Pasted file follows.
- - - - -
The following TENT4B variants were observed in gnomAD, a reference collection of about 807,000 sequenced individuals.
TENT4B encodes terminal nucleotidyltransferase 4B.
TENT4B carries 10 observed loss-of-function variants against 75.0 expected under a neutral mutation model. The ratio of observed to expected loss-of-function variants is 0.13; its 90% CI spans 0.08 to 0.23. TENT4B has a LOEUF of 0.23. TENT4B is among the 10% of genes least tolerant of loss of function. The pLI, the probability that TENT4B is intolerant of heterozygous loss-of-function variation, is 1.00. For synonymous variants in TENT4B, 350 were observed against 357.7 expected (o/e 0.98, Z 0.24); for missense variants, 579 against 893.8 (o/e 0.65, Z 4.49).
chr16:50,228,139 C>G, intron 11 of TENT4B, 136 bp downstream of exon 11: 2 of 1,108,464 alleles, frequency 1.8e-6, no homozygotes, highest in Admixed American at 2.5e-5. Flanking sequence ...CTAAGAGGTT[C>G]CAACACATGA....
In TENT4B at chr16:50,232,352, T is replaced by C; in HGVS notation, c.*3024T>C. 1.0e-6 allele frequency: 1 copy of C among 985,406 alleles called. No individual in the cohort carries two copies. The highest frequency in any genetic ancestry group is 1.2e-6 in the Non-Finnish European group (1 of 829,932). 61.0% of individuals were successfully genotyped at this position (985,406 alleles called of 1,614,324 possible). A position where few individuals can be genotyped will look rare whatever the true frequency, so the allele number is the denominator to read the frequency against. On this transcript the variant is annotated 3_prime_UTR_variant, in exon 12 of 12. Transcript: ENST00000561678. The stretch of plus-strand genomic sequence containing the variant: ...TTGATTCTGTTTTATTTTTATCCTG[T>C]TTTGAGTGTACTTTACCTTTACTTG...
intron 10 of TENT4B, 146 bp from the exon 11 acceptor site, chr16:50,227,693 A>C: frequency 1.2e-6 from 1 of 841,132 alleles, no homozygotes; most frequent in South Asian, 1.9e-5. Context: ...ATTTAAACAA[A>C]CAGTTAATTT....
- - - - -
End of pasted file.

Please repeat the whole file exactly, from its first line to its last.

The following TENT4B variants were observed in gnomAD, a reference collection of about 807,000 sequenced individuals.
TENT4B encodes terminal nucleotidyltransferase 4B.
TENT4B carries 10 observed loss-of-function variants against 75.0 expected under a neutral mutation model. The ratio of observed to expected loss-of-function variants is 0.13; its 90% CI spans 0.08 to 0.23. TENT4B has a LOEUF of 0.23. TENT4B is among the 10% of genes least tolerant of loss of function. The pLI, the probability that TENT4B is intolerant of heterozygous loss-of-function variation, is 1.00. For synonymous variants in TENT4B, 350 were observed against 357.7 expected (o/e 0.98, Z 0.24); for missense variants, 579 against 893.8 (o/e 0.65, Z 4.49).
chr16:50,228,139 C>G, intron 11 of TENT4B, 136 bp downstream of exon 11: 2 of 1,108,464 alleles, frequency 1.8e-6, no homozygotes, highest in Admixed American at 2.5e-5. Flanking sequence ...CTAAGAGGTT[C>G]CAACACATGA....
In TENT4B at chr16:50,232,352, T is replaced by C; in HGVS notation, c.*3024T>C. 1.0e-6 allele frequency: 1 copy of C among 985,406 alleles called. No individual in the cohort carries two copies. The highest frequency in any genetic ancestry group is 1.2e-6 in the Non-Finnish European group (1 of 829,932). 61.0% of individuals were successfully genotyped at this position (985,406 alleles called of 1,614,324 possible). A position where few individuals can be genotyped will look rare whatever the true frequency, so the allele number is the denominator to read the frequency against. On this transcript the variant is annotated 3_prime_UTR_variant, in exon 12 of 12. Transcript: ENST00000561678. The stretch of plus-strand genomic sequence containing the variant: ...TTGATTCTGTTTTATTTTTATCCTG[T>C]TTTGAGTGTACTTTACCTTTACTTG...
intron 10 of TENT4B, 146 bp from the exon 11 acceptor site, chr16:50,227,693 A>C: frequency 1.2e-6 from 1 of 841,132 alleles, no homozygotes; most frequent in South Asian, 1.9e-5. Context: ...ATTTAAACAA[A>C]CAGTTAATTT....